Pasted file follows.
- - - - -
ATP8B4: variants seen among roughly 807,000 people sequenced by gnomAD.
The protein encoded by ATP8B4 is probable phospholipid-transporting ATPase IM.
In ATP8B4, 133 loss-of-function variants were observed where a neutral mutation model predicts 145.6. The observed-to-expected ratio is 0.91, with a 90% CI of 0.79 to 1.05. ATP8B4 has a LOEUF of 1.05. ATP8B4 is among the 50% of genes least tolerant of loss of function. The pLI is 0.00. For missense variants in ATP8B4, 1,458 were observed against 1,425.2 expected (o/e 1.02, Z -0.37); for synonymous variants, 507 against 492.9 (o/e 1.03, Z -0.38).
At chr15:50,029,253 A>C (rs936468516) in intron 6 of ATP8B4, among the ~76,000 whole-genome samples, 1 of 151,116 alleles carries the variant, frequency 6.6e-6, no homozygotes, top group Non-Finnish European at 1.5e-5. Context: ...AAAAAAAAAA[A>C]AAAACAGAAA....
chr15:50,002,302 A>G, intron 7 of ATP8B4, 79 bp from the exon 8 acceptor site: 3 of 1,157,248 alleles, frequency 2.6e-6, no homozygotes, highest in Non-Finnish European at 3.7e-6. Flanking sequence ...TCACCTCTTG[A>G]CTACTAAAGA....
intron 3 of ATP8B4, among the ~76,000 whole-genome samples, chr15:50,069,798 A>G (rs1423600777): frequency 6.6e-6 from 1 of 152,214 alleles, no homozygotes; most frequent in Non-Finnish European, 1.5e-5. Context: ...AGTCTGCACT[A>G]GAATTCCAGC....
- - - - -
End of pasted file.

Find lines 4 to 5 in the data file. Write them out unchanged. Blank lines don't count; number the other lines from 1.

At chr15:50,029,253 A>C (rs936468516) in intron 6 of ATP8B4, among the ~76,000 whole-genome samples, 1 of 151,116 alleles carries the variant, frequency 6.6e-6, no homozygotes, top group Non-Finnish European at 1.5e-5. Context: ...AAAAAAAAAA[A>C]AAAACAGAAA....
chr15:50,002,302 A>G, intron 7 of ATP8B4, 79 bp from the exon 8 acceptor site: 3 of 1,157,248 alleles, frequency 2.6e-6, no homozygotes, highest in Non-Finnish European at 3.7e-6. Flanking sequence ...TCACCTCTTG[A>G]CTACTAAAGA....